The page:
Ting sets aside $100,000 to cover ETF costs for customers who break contracts

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Ting, the Sprint Nextel (NYSE:S) prepaid MVNO, said it will pay up to $100,000 to customers who incur an early termination fee by switching to Ting.

In a company blog post, the MVNO said that on Feb. 1, the Ting $100,000 ETF fund will go live. Through the end of February, Ting will pay up to $350 per line for anyone who drops their contract to switch. The fund, therefore, can only support around 285 customers, but it highlights Ting's aggressive marketing efforts to go after larger U.S. carriers. Customers who switch will not receive cash or a debit card but will instead get up to $350 in Ting bill credits.

"So why are we telling you about this now at the obvious risk of having a bunch of people who are in a mobile contract hold off from making the move to Ting until our ETF buyout program is online?" wrote Ting's Andrew Moore-Crispin. "Simple. This promotion is not retroactive; we'd hate to spring this on you the day after you paid out your ETF and made the move to Ting. We figure we'll give a heads up and you can decide what to do with all the available information. Just don't sign another mobile contract between now and February 1, 2013, OK?"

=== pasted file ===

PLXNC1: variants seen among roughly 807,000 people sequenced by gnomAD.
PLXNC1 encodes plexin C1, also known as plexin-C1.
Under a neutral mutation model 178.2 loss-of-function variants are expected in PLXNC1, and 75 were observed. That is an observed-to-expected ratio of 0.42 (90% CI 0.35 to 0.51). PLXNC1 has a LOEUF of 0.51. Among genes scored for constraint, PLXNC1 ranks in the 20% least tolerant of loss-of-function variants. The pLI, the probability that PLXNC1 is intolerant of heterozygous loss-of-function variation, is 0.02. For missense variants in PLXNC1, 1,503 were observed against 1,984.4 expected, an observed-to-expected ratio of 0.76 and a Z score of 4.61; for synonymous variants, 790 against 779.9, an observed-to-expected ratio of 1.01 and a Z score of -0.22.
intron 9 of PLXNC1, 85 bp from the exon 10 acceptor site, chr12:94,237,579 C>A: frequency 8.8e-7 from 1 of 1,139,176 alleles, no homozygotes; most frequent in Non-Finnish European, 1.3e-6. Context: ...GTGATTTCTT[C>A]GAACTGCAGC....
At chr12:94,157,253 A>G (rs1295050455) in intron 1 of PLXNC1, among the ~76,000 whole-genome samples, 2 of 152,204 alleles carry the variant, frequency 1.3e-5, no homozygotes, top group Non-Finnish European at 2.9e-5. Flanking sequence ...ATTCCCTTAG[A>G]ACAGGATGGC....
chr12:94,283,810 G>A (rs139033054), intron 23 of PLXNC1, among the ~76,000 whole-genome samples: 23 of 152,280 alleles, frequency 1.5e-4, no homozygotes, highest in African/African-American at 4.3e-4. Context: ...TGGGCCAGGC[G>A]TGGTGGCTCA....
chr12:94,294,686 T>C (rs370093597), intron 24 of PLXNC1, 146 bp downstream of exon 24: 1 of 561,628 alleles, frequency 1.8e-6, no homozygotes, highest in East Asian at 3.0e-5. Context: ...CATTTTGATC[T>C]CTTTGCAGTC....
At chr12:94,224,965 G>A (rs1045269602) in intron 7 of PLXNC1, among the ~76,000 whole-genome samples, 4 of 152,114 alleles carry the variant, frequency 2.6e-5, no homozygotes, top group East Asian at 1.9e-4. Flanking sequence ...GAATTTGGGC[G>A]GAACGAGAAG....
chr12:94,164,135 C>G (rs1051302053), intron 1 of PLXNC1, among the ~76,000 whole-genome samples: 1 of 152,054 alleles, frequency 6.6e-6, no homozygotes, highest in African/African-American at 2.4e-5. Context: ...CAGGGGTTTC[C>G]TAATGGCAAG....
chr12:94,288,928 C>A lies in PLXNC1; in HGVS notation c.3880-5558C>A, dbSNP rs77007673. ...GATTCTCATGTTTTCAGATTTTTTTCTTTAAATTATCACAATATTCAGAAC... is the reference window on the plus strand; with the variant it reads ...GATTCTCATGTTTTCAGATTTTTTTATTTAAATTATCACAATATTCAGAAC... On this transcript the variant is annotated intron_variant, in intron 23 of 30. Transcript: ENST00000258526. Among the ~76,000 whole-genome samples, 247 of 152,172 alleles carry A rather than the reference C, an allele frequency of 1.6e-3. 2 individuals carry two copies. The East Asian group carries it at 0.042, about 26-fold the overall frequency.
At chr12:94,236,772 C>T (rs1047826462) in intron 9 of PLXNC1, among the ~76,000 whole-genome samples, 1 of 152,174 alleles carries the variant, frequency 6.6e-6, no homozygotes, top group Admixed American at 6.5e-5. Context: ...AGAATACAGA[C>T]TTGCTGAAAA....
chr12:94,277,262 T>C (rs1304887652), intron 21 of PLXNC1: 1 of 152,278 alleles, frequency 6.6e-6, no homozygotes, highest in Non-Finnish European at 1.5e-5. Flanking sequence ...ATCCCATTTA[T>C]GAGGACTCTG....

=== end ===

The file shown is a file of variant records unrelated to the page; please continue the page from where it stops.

The experiment is similar to something Ting did in May 2012. The company then declared May "Dump Your Contract Month" and encouraged customers to break their long-term cell phone contracts with other wireless carriers. Ting, a non-contract service that is run by Internet domain company Tucows, raffled up to $300 to subscribers to cover the cost of their ETFs (most ETFs for smartphones at Tier 1 carriers cost around $350).

Ting sells around two-dozen devices, including more than a dozen smartphones and several with LTE. In November the company launched a beta test of its bring-your-own-Sprint-device program. The company said it will not charge users an activation fee for porting a Sprint device to the Ting service.

The MVNO offers minutes, text messages and data in different buckets. If customers use more than they have paid for in a certain month, they are not charged an overage fee, but instead are bumped up to the next usage tier for that month. Likewise, if customers use less than they had thought they would need, they are bumped down to the next lowest usage tier and will receive a credit on their bill for the difference. Users can continuously monitor their usage via an online dashboard.

For more:
- see this Ting blog post

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